The number of startups building buy now, pay later (BNPL) services is long. Just this year we’ve seen French BNPL startup Alma raise a $130 million equity round, BillEase raise $11 million for BNPL in the Philippines, Lipa Later raise $12 million for the same effort in Kenya, and ThankUCash raise $5.3 million for fintech infra in Africa that appears to include BNPL services.

There were other funding events and product launches, but that’s enough of a sample for us to understand that private-market investors around the world are investing in the consumer checkout-and-credit capability, even after industry incumbents Affirm went public and Klarna has grown to massive scale with global reach. The $29 billion Block-Afterpay deal was also good for startup BNPL volume, we reckon.

Until some recent turbulence, there’s been good reason to consider BNPL startup investments sensible bets. After all, public-market investors had pushed Affirm’s stock to over $175 per share in late 2021 from an IPO price of $49 per share. And Klarna raised $639 million at a valuation of nearly $46 billion in mid-2021. With momentum like that, why not power up a host of BNPL services targeted at particular geographies around the world?


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All the warm and fuzzy of the above paragraph comes with a huge caveat, namely that the value of Affirm has eroded sharply in the public markets. After trading to just over $81 per share this week, an early tweet containing earnings data sent shares of Affirm sharply lower yesterday. The company’s full results and earnings call failed to stanch the bleeding. Exclusive of yesterday’s declines of more than 20%, shares of Affirm are off another roughly 15% today as of the time of writing, worth just $49.70 per share.

That’s peanuts more than the company’s IPO price. Sadly, we don’t have Q4 data from Klarna to dredge up in comparison; the company most recently shared its Q3 data. So we’ll have to try to unspool the change in the value of Affirm by itself. What we need to understand is why Affirm’s earnings were so deleterious to its value, and if other companies are at similar risk. More simply: Should the myriad well-funded BNPL startups see Affirm’s descent as a warning concerning their own efforts or something more company-specific to the U.S. fintech?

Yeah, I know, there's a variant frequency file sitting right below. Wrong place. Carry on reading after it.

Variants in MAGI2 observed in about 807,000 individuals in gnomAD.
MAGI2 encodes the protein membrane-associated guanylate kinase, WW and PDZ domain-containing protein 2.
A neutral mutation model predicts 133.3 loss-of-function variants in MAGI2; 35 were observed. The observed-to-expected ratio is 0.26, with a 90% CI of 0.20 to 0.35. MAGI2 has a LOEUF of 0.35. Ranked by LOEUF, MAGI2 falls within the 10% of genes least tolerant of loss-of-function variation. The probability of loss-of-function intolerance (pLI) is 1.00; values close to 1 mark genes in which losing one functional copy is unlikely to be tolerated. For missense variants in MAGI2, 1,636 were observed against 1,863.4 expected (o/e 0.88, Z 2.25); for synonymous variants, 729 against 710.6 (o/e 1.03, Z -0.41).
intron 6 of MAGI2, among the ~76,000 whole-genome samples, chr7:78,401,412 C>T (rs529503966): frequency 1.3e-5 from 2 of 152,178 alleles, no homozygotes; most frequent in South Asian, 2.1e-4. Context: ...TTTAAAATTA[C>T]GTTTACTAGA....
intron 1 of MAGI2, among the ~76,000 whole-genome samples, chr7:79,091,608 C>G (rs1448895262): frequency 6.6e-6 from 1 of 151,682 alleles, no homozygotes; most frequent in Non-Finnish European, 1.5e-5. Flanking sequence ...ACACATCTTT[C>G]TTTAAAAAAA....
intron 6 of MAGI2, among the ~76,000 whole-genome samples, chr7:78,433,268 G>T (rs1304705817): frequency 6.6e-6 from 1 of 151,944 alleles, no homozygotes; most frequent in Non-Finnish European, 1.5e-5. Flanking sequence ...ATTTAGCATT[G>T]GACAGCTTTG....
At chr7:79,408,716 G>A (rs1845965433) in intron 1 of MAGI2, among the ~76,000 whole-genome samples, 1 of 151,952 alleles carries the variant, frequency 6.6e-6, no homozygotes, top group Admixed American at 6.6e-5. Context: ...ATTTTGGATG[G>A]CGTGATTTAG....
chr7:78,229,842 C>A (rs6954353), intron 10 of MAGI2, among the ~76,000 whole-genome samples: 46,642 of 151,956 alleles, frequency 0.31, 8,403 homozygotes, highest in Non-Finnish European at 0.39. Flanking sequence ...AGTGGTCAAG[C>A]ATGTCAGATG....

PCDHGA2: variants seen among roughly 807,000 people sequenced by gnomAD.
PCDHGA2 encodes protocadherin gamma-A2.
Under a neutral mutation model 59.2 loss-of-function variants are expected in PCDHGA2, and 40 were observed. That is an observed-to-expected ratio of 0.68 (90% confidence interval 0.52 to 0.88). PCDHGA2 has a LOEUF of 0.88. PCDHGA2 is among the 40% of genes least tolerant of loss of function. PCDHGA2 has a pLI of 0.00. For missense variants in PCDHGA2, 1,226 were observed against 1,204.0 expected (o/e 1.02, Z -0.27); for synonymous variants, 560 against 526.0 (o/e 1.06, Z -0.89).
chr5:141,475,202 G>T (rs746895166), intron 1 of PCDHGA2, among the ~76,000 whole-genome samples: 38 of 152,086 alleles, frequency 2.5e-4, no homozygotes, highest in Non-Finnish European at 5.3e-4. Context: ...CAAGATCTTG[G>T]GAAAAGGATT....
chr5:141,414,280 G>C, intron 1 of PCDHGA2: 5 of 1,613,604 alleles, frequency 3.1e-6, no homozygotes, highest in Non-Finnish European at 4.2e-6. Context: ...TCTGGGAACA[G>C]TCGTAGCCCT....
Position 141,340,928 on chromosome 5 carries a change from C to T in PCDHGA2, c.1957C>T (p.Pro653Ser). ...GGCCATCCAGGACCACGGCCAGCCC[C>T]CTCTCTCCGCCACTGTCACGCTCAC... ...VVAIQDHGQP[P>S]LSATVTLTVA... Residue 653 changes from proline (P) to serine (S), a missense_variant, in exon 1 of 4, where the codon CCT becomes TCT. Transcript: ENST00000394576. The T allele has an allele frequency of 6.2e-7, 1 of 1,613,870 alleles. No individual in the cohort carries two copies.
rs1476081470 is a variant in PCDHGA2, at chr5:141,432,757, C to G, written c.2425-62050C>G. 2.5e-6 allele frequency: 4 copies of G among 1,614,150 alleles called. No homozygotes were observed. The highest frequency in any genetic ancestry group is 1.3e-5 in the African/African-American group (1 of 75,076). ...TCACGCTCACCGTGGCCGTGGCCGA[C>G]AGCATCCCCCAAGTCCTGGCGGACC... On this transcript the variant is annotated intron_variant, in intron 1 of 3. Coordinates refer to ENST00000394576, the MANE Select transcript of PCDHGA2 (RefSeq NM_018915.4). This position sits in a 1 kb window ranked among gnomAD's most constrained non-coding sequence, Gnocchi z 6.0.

Affirm’s calendar Q4

Affirm’s corporate calendar is the same as Microsoft’s, it appears, with its calendar Q4 2021 being the second quarter of its fiscal 2022. This means that some of the language below will be slightly tortured as we discuss time periods. Not much we can do about it, frankly; the finance world isn’t really set up for us to enjoy smooth phrasing. Onward.

In its Q2 fiscal 2022, Affirm reported GMV of $4.5 billion (+115% YoY), revenues of $361.0 million (+77% YoY), revenues minus transaction costs of $183.6 million (+93% YoY), an operating loss of $196.2 million (+632% YoY), and an adjusted operating loss of $7.9 million, a few million worse than its $3.1 million adjusted operating loss from its Q2 fiscal 2021.

Helping drive the rapid GMV and revenue gains were Affirm’s new agreements with Amazon and Shopify.

There’s good and bad in there. GMV growth was strong, revenue growth solid, and revenue ex-transaction costs even better. Even more, Affirm crushed revenue expectations, which were $328.8 million for the quarter. So what went wrong?

Guidance, take-rate

For its Q3 fiscal 2022, or calendar Q1 2022 by our reckoning, Affirm anticipates $325 million to $335 million worth of revenues. Barrons has Wall Street expectations at $335.5 million for the current quarter, so the company’s guidance is a miss by that benchmark.

There were other data points that were less than investor-exciting. Observe the following chart, from Affirm’s set of investor materials: